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Plot, environment, characters, each one is a layer in a story. Each layer is also a compartment for further layers that are internally affected by external changes in their own, unique way, and each will be affected differently by the same stimuli over the development of the story.

What systems exists to keep track of story development on such minute level? Or at least any that would be closest fit to what I'm describing? I'm looking for one where even if the first draft was lost it could easily be recreated from the planned structure.

I have arrived at a final iteration of my story concept, now I want to set up the framework to build it upon, like a mason building a house, I want to build a world.

Edit: Trying to clarify, sorry I'm bad at wording my thoughts and I'm struggling to wrap my head around what I'm trying to plan/ask/do.

  • A story can be broken into common, independent collections of elements, like plots, characters, environments.
  • These collections is what I refer to as layers. They share similar attributes and behavior, but apply them differently.
  • Within the layer, each element has its own common attributes and characteristics that directly affect only itself, e.g. a character can have fears, strengths, weaknesses, but a plot would not and vice-versa, but it would not directly affect another elements's attributes.
  • Each element is the default characteristics + culmination of interactions with other elements, resulting in development/changes of said element's attributes.
  • In a single world, most if not all elements will be interconnected directly or indirectly, therefore any single event would have rippling effects on every aspect of the story.
    • E.g. an earthquake could cause a landslide that destroys MC's village, which forces them to adventure, which is attributed to goddess Tera, at the same time it changes the environment causing Dark Lord's army to lose their advantage and rebellion to prevail in their clutch battle. MC curses Tera while the Rebellion reveres, MC proceeds to kill Tera and sides with Rebellion because DL is BBEG, Rebellion swears to avenge Tera, creating a conflict when MC and Rebellion cross paths to defeat DL after finding out MC was Tera's murderer all along or something like that.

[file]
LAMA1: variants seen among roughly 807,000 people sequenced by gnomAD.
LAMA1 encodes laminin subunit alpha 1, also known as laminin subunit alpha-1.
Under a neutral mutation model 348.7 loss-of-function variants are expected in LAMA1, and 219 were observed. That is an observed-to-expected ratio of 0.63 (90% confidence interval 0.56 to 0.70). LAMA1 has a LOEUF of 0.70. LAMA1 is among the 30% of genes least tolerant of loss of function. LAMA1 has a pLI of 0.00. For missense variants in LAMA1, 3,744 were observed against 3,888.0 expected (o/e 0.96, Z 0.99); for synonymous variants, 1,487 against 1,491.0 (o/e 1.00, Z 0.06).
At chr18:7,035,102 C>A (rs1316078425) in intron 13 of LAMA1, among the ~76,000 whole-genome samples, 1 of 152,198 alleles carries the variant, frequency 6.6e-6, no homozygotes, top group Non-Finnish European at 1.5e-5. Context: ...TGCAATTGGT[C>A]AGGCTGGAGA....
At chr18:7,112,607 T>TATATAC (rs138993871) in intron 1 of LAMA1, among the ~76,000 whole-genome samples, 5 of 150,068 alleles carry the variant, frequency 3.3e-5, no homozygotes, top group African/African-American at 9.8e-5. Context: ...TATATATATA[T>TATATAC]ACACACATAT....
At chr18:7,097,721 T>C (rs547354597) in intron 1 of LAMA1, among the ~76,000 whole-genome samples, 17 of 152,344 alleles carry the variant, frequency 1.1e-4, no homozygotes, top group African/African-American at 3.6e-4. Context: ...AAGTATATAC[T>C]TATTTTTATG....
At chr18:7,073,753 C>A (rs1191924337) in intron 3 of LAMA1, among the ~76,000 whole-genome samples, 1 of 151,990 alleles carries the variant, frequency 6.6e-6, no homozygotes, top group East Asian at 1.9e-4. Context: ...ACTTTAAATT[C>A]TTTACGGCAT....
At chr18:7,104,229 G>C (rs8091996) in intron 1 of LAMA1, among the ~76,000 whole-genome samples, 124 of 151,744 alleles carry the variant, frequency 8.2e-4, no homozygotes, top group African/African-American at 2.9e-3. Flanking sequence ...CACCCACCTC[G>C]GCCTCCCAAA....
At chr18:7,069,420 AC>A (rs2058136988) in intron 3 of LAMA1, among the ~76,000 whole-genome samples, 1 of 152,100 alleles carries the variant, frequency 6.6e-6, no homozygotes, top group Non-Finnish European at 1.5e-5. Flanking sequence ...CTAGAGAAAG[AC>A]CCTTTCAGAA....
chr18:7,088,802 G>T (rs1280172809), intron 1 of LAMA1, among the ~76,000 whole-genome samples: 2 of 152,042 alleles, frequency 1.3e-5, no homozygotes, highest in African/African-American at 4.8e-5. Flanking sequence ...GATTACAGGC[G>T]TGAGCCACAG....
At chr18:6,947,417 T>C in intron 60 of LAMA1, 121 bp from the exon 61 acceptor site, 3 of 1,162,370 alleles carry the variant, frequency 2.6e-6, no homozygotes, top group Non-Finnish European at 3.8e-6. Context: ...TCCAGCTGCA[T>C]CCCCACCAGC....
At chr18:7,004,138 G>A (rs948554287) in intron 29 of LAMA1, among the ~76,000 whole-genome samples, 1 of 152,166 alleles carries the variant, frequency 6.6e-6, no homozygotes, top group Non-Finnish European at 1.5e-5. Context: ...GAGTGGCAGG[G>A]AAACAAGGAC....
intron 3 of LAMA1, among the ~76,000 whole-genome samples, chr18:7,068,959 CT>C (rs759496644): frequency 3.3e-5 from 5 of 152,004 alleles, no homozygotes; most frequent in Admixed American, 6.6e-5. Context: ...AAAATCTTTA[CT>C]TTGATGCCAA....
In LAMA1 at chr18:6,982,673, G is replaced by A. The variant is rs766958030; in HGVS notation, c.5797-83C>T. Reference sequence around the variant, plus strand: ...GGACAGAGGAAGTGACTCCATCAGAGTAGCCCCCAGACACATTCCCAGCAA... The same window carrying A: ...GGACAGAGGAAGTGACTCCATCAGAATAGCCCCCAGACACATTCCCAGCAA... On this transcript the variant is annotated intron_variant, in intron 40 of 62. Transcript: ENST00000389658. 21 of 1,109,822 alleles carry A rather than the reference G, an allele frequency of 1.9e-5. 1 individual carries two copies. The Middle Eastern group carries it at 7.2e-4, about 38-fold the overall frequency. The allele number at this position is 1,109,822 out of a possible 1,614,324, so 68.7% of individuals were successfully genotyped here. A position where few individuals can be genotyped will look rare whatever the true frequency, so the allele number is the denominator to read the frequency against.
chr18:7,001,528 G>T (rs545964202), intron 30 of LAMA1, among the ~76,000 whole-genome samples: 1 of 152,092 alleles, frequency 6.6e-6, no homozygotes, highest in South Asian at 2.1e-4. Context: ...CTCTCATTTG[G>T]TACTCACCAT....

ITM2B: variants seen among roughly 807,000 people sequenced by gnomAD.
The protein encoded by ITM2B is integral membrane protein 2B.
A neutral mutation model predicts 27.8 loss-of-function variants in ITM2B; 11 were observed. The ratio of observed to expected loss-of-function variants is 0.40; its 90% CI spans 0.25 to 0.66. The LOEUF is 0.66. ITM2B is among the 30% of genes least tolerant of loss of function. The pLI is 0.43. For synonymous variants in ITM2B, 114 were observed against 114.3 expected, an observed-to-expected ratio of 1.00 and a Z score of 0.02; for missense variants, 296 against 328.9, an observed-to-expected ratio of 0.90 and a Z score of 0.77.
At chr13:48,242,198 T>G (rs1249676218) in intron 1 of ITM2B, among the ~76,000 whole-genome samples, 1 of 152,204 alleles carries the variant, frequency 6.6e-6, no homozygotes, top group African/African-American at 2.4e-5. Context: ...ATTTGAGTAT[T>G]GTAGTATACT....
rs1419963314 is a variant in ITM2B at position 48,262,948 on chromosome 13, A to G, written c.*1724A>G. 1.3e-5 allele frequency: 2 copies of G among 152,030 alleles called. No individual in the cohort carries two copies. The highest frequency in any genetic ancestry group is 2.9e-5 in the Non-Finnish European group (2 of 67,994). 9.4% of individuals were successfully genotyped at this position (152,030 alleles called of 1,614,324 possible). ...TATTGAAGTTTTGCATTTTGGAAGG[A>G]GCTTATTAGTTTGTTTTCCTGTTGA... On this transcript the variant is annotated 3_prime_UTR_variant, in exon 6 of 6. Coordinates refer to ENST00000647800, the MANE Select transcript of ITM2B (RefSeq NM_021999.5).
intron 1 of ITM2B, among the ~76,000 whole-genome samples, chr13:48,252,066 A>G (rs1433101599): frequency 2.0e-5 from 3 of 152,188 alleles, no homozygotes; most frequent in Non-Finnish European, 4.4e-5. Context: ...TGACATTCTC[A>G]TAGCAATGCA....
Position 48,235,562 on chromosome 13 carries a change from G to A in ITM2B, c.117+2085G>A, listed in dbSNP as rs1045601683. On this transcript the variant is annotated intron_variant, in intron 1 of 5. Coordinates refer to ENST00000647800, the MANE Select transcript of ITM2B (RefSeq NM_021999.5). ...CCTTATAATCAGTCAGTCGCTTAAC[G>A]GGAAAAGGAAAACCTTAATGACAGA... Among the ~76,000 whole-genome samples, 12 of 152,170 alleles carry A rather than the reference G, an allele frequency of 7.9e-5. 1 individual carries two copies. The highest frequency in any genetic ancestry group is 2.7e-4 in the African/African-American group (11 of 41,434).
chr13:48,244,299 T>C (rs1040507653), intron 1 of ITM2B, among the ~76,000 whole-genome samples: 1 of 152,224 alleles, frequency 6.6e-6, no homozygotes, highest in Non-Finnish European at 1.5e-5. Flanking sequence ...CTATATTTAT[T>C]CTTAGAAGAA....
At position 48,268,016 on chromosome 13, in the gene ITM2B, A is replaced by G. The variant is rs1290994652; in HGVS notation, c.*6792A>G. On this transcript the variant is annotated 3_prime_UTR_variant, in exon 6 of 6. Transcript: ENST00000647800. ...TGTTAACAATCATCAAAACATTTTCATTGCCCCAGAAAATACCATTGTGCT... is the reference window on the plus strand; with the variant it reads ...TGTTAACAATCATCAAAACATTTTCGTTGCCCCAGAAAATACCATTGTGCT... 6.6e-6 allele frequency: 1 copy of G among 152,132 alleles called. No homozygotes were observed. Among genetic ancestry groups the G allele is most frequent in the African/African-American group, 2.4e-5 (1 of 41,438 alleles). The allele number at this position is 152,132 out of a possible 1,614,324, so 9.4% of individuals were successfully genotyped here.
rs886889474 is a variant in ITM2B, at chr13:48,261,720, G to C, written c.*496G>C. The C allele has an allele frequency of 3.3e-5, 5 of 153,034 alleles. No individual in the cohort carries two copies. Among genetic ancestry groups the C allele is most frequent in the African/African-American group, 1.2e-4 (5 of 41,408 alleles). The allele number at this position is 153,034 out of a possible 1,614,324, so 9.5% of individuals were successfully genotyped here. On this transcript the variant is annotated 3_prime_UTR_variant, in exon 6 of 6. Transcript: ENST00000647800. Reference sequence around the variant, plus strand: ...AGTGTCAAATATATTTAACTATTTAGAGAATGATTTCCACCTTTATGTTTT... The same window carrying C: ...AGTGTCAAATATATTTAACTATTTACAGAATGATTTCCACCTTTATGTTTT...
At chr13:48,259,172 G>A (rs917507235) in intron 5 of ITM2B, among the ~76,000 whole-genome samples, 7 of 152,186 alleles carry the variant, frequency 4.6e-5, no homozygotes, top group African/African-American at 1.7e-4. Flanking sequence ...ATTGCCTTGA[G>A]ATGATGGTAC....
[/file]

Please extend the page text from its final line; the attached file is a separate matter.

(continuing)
System I'm thinking of would keep help keep track of each compartment, relationship to other elements, history between it and other elements, direct and indirect effects of other elements on it, how it affects and its changes affect other elements, how these relationships change over time, how element can be expected to respond to change/interaction etc. The more I think about it the more it seems that to pull it off on this level I would need to write a program for this task.

tl;dr I'm extremely meticulous and I'm planning a complex story which I will struggle keeping track of without efficient planning and tracking system in place.

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    Hi Atlas! Welcome to Writing.SE! While your imagery is beautiful, I'm not sure I understand what it is you're asking. Could you edit your question and add an explanation in simpler words? – Galastel supports GoFundMonica Jan 21 at 11:29
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    Hi Atlas, do you mean like what tools can you use to outline? Or a database/spreadsheet to store and categorise information? – Thomo Jan 21 at 12:53
  • Hi! I tried to clarify what I meant without diluting too much. Please let me know if it's still confusing. @Thomo Yes and more. A system could be a single tool or a framework that implements multiple tools, or just a framework e.g. a scrum framework. I'm not sure if system is the best term for that – Atlas Jan 21 at 14:23
  • Perhaps what you are struggling with is the amount of information to retain, while making it easily and immediately accessible to yourself. -- a bit like visualizing an entire game of chess. – NofP Jan 21 at 14:46
  • I’m up against a similar issue, though without the compunction to outline everything to such detail (which is probably a failing on my part). I am, however, a researcher, and what I’m writing is in an historic setting. I need better tools than text editors and spreadsheets. Someone below suggested a snowflake diagram, which is great for intersecting ideas, none of which have primacy over the others. If you have a central idea or character to which everything else relates, consider a “fishbone diagram”. – J.D. Ray Jan 22 at 17:25